All articles from Health and Medicine >>>

The most recent press releases about innovation >>>

Die letzten 5 Focus-News des innovations-reports im Überblick:

Im Focus: New 3-D wiring technique brings scalable quantum computers closer to reality

Researchers from the Institute for Quantum Computing (IQC) at the University of Waterloo led the development of a new extensible wiring technique capable of controlling superconducting quantum bits, representing a significant step towards to the realization of a scalable quantum computer.

"The quantum socket is a wiring method that uses three-dimensional wires based on spring-loaded pins to address individual qubits," said Jeremy Béjanin, a PhD...

Im Focus: Scientists develop a semiconductor nanocomposite material that moves in response to light

In a paper in Scientific Reports, a research team at Worcester Polytechnic Institute describes a novel light-activated phenomenon that could become the basis for applications as diverse as microscopic robotic grippers and more efficient solar cells.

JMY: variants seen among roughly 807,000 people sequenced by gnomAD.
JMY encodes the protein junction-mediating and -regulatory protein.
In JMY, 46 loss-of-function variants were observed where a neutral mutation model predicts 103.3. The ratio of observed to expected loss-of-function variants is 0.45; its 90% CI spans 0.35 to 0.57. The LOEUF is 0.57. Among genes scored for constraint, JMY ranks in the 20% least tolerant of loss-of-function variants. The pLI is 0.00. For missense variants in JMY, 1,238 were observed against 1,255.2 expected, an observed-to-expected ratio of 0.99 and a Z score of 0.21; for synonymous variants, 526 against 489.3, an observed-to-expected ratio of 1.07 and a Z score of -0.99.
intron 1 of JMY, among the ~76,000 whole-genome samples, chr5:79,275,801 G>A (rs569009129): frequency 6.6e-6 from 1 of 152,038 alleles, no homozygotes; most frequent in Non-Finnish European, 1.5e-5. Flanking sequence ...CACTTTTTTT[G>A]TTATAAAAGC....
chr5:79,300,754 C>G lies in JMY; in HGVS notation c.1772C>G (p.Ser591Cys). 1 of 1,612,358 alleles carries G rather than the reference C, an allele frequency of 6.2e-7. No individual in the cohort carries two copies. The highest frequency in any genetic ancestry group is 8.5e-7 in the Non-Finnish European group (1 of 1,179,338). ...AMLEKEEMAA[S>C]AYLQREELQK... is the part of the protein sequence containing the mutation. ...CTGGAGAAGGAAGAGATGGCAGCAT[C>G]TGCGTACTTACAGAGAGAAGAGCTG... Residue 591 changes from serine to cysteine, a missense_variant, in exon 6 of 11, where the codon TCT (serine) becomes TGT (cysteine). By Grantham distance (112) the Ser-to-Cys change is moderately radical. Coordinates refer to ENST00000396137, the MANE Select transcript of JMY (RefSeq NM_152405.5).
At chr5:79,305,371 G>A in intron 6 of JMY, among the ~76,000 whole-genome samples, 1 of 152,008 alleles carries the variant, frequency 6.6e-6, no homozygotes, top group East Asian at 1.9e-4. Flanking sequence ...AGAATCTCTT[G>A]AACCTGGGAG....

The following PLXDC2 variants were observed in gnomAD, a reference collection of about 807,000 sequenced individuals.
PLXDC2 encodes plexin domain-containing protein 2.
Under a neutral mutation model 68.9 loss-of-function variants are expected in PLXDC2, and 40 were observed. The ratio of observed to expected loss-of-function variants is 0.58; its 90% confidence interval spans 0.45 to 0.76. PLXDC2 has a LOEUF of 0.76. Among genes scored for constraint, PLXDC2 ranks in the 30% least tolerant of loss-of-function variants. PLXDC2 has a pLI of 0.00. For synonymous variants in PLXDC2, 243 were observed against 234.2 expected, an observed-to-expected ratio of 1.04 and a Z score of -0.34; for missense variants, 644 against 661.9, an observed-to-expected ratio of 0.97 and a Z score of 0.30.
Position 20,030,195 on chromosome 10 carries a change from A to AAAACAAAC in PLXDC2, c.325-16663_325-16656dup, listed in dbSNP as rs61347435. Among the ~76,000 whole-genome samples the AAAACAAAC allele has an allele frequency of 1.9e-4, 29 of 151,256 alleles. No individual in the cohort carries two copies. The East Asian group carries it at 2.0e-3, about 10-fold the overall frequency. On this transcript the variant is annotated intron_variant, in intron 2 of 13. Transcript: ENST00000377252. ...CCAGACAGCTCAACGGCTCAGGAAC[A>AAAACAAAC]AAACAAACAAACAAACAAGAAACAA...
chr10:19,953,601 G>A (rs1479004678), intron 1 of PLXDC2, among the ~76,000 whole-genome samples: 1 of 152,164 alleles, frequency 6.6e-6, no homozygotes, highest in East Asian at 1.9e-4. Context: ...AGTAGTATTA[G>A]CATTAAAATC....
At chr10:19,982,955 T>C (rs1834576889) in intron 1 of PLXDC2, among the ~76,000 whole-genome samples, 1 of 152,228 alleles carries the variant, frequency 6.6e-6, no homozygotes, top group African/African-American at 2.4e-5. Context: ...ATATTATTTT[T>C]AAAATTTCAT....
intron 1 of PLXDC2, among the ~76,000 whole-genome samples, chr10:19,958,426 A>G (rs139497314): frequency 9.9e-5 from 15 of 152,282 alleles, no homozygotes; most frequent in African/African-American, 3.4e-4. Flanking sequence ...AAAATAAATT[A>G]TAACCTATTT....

A research team at Worcester Polytechnic Institute (WPI) has developed a revolutionary, light-activated semiconductor nanocomposite material that can be used...

Im Focus: Diamonds aren't forever: Sandia, Harvard team create first quantum computer bridge

By forcefully embedding two silicon atoms in a diamond matrix, Sandia researchers have demonstrated for the first time on a single chip all the components needed to create a quantum bridge to link quantum computers together.

"People have already built small quantum computers," says Sandia researcher Ryan Camacho. "Maybe the first useful one won't be a single giant quantum computer...

Im Focus: New Products - Highlights of COMPAMED 2016